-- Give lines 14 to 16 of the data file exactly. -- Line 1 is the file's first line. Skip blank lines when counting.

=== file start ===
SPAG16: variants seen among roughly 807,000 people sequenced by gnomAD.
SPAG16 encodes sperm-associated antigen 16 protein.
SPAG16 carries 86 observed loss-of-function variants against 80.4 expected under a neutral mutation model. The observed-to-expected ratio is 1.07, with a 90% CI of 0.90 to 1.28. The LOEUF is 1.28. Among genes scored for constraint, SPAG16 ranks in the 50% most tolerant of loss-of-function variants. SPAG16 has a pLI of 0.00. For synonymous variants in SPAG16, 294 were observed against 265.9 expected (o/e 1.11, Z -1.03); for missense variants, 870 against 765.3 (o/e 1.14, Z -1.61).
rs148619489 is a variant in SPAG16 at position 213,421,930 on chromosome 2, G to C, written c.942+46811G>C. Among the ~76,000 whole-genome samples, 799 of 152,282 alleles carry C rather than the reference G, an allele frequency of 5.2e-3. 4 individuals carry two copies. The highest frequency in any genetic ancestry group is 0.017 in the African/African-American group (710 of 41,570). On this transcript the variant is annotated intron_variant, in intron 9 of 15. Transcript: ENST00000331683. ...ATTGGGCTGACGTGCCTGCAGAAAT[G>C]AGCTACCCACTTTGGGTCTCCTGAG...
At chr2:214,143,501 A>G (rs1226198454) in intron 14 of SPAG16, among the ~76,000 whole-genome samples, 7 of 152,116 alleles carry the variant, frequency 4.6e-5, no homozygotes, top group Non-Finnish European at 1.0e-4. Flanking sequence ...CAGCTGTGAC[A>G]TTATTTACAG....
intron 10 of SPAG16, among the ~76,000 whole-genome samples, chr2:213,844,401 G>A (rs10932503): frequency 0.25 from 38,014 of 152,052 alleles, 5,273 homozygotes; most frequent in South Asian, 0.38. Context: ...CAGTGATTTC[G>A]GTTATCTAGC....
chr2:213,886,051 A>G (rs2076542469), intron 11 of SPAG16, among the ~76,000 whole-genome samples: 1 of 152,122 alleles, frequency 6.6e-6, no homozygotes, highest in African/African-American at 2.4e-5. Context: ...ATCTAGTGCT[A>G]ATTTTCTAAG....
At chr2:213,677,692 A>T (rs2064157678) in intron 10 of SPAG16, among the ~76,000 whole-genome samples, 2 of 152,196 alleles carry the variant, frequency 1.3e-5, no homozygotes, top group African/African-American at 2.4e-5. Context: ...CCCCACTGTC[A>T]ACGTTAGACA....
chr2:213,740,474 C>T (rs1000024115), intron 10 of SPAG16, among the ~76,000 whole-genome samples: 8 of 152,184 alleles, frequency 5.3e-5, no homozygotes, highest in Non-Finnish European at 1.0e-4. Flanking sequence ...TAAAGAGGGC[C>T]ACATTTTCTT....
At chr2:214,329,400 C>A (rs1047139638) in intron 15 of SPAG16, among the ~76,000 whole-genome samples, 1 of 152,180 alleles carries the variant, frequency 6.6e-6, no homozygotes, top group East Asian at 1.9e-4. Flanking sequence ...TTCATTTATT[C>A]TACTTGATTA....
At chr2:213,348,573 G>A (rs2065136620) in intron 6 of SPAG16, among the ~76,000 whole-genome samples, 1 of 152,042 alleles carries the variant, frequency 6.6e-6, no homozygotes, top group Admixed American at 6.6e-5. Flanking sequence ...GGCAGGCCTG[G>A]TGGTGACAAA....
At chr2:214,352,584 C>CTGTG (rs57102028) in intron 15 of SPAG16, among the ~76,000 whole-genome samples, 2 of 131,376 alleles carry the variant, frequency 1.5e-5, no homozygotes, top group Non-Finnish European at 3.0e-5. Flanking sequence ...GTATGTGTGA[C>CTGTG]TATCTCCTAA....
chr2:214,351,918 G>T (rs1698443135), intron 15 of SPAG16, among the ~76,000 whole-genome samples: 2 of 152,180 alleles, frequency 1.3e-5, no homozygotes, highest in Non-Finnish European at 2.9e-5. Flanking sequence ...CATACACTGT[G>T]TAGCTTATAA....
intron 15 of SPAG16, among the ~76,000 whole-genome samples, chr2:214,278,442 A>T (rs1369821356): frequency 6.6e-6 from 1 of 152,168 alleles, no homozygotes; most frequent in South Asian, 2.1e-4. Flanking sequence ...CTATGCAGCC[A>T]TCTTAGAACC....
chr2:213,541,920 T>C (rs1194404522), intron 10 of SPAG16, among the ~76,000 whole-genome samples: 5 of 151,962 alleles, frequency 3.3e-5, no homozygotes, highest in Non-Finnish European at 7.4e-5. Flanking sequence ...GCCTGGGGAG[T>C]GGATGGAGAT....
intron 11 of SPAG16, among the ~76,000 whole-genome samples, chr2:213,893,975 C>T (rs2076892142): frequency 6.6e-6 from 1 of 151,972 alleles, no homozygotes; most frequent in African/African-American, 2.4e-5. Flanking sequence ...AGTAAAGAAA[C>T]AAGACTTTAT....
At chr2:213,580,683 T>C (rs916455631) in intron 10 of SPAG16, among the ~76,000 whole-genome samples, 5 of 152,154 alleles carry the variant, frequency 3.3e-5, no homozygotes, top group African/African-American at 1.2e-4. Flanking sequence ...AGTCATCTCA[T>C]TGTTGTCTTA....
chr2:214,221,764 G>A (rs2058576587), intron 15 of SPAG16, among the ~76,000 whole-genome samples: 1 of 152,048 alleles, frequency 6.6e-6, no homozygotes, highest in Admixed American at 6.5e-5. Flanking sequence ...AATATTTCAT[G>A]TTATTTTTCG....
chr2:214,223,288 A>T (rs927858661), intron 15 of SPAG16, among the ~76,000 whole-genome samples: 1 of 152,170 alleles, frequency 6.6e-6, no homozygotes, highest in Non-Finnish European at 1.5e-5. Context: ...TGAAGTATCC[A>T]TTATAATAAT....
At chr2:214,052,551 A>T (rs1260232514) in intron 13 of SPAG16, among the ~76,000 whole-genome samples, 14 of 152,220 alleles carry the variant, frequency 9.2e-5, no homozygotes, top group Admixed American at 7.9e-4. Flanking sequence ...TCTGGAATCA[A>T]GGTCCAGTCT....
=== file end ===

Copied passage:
intron 15 of SPAG16, among the ~76,000 whole-genome samples, chr2:214,278,442 A>T (rs1369821356): frequency 6.6e-6 from 1 of 152,168 alleles, no homozygotes; most frequent in South Asian, 2.1e-4. Flanking sequence ...CTATGCAGCC[A>T]TCTTAGAACC....
chr2:213,541,920 T>C (rs1194404522), intron 10 of SPAG16, among the ~76,000 whole-genome samples: 5 of 151,962 alleles, frequency 3.3e-5, no homozygotes, highest in Non-Finnish European at 7.4e-5. Flanking sequence ...GCCTGGGGAG[T>C]GGATGGAGAT....
intron 11 of SPAG16, among the ~76,000 whole-genome samples, chr2:213,893,975 C>T (rs2076892142): frequency 6.6e-6 from 1 of 151,972 alleles, no homozygotes; most frequent in African/African-American, 2.4e-5. Flanking sequence ...AGTAAAGAAA[C>T]AAGACTTTAT....